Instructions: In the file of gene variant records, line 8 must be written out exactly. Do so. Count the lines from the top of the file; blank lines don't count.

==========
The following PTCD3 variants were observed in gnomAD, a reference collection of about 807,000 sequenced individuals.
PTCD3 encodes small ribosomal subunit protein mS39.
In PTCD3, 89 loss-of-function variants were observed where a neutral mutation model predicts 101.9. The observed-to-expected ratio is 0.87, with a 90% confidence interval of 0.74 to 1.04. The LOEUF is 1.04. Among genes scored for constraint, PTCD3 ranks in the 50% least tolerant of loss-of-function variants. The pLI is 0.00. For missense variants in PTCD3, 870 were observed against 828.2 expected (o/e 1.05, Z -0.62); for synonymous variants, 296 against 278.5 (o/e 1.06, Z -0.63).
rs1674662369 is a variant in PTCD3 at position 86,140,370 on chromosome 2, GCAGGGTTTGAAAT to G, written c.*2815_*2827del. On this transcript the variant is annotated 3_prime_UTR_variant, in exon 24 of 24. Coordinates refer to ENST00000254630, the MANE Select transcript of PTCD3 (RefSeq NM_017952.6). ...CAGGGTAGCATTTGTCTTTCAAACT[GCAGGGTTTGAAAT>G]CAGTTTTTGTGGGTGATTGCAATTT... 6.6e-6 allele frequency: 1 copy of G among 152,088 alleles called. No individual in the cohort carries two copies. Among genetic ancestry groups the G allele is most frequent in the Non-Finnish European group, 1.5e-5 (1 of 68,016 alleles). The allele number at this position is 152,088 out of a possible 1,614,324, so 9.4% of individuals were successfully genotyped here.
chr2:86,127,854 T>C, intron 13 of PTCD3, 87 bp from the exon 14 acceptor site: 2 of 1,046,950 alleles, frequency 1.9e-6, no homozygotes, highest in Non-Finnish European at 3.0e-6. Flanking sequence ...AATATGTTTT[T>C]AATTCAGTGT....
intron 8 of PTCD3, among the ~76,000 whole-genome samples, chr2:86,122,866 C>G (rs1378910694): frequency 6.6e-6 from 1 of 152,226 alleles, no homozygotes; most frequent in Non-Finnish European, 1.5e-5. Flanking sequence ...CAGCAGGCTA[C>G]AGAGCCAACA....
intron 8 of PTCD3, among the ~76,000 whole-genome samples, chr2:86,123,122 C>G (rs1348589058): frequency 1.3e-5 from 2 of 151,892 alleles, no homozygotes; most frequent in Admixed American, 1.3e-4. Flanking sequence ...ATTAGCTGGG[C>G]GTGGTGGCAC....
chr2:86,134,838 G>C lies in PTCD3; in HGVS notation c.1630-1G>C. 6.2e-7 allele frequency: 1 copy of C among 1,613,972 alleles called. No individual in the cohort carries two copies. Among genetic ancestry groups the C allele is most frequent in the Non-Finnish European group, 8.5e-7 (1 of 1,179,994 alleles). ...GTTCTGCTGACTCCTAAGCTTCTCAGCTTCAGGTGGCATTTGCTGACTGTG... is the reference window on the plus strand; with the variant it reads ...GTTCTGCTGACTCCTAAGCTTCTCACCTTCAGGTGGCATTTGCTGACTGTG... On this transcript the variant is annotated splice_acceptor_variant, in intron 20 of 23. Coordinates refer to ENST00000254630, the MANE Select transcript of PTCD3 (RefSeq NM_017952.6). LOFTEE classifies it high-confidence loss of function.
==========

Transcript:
chr2:86,134,838 G>C lies in PTCD3; in HGVS notation c.1630-1G>C. 6.2e-7 allele frequency: 1 copy of C among 1,613,972 alleles called. No individual in the cohort carries two copies. Among genetic ancestry groups the C allele is most frequent in the Non-Finnish European group, 8.5e-7 (1 of 1,179,994 alleles). ...GTTCTGCTGACTCCTAAGCTTCTCAGCTTCAGGTGGCATTTGCTGACTGTG... is the reference window on the plus strand; with the variant it reads ...GTTCTGCTGACTCCTAAGCTTCTCACCTTCAGGTGGCATTTGCTGACTGTG... On this transcript the variant is annotated splice_acceptor_variant, in intron 20 of 23. Coordinates refer to ENST00000254630, the MANE Select transcript of PTCD3 (RefSeq NM_017952.6). LOFTEE classifies it high-confidence loss of function.